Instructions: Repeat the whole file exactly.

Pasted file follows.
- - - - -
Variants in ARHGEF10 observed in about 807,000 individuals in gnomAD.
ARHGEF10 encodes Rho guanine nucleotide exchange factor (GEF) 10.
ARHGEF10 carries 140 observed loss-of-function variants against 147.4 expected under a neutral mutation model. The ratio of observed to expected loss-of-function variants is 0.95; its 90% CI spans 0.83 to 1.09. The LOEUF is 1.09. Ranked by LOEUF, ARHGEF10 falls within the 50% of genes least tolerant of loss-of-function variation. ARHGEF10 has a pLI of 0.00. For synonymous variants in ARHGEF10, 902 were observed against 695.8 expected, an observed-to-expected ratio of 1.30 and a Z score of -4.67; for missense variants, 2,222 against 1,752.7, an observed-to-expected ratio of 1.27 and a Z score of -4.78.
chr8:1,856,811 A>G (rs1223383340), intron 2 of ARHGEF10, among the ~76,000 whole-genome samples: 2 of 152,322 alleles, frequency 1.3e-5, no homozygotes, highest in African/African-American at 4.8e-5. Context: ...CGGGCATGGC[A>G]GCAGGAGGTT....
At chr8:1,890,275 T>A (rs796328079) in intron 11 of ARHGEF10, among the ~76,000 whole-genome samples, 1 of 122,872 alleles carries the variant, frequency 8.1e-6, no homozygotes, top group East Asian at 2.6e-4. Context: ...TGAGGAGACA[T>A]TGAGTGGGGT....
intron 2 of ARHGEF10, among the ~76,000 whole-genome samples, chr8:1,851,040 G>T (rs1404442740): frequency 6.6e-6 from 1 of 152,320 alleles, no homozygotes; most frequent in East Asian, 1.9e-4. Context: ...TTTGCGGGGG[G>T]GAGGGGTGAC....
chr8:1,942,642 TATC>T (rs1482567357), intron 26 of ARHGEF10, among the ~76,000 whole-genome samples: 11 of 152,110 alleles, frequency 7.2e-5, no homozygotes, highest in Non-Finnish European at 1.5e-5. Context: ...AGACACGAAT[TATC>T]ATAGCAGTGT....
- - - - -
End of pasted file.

Variants in ARHGEF10 observed in about 807,000 individuals in gnomAD.
ARHGEF10 encodes Rho guanine nucleotide exchange factor (GEF) 10.
ARHGEF10 carries 140 observed loss-of-function variants against 147.4 expected under a neutral mutation model. The ratio of observed to expected loss-of-function variants is 0.95; its 90% CI spans 0.83 to 1.09. The LOEUF is 1.09. Ranked by LOEUF, ARHGEF10 falls within the 50% of genes least tolerant of loss-of-function variation. ARHGEF10 has a pLI of 0.00. For synonymous variants in ARHGEF10, 902 were observed against 695.8 expected, an observed-to-expected ratio of 1.30 and a Z score of -4.67; for missense variants, 2,222 against 1,752.7, an observed-to-expected ratio of 1.27 and a Z score of -4.78.
chr8:1,856,811 A>G (rs1223383340), intron 2 of ARHGEF10, among the ~76,000 whole-genome samples: 2 of 152,322 alleles, frequency 1.3e-5, no homozygotes, highest in African/African-American at 4.8e-5. Context: ...CGGGCATGGC[A>G]GCAGGAGGTT....
At chr8:1,890,275 T>A (rs796328079) in intron 11 of ARHGEF10, among the ~76,000 whole-genome samples, 1 of 122,872 alleles carries the variant, frequency 8.1e-6, no homozygotes, top group East Asian at 2.6e-4. Context: ...TGAGGAGACA[T>A]TGAGTGGGGT....
intron 2 of ARHGEF10, among the ~76,000 whole-genome samples, chr8:1,851,040 G>T (rs1404442740): frequency 6.6e-6 from 1 of 152,320 alleles, no homozygotes; most frequent in East Asian, 1.9e-4. Context: ...TTTGCGGGGG[G>T]GAGGGGTGAC....
chr8:1,942,642 TATC>T (rs1482567357), intron 26 of ARHGEF10, among the ~76,000 whole-genome samples: 11 of 152,110 alleles, frequency 7.2e-5, no homozygotes, highest in Non-Finnish European at 1.5e-5. Context: ...AGACACGAAT[TATC>T]ATAGCAGTGT....